An avid student of the architecture of Michelangelo and the ruins of Antiquity, Borromini developed a inventive and distinctive architecture, although somewhat idiosyncratic, employing manipulations of classical architectural forms, geometric foundations in its plans and symbolic meanings in its buildings.
He appears to have had a strong understanding of structures, perhaps lacking in Bernini and Cortona, who were formed primarily in other areas of the visual arts. His soft lead drawings are particularly hallmarks. He appears to have been a self-taught scholar, amassing a large library by the end of his life.
His career was limited by his personality. Unlike Bernini, who easily adopted the mantle of courtly charmer in his pursuit of important commissions, Borromini was brooding and quick-tempered, making caused him to withdraw from certain jobs, and his death was by suicide.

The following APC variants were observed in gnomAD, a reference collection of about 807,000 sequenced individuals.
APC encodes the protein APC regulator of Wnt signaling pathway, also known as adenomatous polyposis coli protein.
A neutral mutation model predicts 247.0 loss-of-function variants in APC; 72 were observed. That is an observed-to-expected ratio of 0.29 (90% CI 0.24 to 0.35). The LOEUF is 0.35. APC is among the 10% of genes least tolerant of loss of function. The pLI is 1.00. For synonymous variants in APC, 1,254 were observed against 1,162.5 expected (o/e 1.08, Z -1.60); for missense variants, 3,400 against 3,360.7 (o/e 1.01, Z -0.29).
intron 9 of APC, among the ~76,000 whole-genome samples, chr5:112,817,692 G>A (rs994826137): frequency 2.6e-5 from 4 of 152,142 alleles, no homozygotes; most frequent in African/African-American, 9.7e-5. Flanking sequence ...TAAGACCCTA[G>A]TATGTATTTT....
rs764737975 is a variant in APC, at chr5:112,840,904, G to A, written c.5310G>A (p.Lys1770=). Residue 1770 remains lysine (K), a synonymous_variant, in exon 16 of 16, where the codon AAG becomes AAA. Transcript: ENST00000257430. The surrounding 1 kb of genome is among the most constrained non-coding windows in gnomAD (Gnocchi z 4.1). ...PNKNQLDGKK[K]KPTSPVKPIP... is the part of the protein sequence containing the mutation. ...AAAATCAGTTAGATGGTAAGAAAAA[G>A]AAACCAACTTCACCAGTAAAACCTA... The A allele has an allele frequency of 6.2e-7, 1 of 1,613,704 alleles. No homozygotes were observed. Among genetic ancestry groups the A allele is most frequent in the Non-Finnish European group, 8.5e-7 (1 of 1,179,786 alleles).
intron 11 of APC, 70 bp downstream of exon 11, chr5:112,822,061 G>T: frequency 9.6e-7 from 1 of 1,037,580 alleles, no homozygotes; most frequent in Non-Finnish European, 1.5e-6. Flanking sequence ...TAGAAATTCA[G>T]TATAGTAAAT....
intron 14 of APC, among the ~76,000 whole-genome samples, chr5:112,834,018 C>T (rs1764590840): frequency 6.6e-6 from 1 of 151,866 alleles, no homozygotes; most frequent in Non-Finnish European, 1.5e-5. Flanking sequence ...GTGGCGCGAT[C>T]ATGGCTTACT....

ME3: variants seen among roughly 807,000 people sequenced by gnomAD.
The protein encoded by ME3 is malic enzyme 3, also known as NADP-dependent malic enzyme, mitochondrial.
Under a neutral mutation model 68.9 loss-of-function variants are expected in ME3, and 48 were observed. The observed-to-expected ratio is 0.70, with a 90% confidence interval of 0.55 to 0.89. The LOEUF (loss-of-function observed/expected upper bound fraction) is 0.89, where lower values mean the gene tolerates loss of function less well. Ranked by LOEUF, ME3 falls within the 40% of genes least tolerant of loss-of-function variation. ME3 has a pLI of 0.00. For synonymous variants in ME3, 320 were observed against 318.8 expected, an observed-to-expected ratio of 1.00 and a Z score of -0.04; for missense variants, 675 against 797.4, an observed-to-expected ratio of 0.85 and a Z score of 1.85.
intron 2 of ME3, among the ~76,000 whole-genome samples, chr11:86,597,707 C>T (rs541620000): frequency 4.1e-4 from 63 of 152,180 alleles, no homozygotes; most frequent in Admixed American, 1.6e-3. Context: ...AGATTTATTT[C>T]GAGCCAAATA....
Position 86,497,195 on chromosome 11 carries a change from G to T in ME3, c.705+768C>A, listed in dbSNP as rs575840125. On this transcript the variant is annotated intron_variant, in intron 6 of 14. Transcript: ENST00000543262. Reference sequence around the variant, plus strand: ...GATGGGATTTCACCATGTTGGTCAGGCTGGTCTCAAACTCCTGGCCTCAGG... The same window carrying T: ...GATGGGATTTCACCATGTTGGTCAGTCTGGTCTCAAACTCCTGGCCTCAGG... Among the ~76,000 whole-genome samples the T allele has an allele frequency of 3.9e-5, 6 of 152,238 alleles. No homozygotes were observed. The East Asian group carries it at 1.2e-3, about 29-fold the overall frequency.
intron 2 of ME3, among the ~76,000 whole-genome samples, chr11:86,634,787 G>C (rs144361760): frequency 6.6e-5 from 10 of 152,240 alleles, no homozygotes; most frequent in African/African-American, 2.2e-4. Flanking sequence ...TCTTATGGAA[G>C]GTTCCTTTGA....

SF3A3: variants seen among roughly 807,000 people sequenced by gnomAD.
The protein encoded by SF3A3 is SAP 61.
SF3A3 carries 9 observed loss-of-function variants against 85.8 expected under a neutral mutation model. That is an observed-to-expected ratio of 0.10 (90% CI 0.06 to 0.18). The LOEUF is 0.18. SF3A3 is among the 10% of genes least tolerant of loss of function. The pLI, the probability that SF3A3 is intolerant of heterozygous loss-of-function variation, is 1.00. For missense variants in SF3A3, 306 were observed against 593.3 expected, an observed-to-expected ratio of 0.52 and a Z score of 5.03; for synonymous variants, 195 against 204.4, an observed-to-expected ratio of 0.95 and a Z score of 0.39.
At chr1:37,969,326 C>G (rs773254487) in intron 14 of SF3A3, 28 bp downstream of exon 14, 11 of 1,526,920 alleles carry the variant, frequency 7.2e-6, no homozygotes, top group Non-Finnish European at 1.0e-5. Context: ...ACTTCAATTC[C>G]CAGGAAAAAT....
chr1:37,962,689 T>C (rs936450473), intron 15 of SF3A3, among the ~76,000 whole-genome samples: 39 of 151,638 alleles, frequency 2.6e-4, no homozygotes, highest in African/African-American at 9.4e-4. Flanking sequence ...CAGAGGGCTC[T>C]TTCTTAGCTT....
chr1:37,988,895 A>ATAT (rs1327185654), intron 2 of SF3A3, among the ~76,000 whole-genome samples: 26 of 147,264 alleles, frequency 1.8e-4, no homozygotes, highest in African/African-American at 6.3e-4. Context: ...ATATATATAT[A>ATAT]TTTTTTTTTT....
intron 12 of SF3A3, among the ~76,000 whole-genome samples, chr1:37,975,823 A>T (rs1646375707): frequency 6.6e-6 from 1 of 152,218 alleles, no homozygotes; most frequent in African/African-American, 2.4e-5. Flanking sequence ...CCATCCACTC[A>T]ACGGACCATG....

Probably because his work was idiosyncratic, his later influence was not widespread, but is evident in the Piedmontese works of Guarino Guarini and, as a fusion with the architectural modes of Bernini and Cortona, in the late Baroque architecture of Northern Europe.
Out of curiosity, comment that later critics of the Baroque, such as Francesco Milizia and the English architect Sir John Soane , were particularly critical of Borromini's work. From the late nineteenth century, interest by the works of Borromini it has been revived and its architecture has become appreciated for its inventiveness.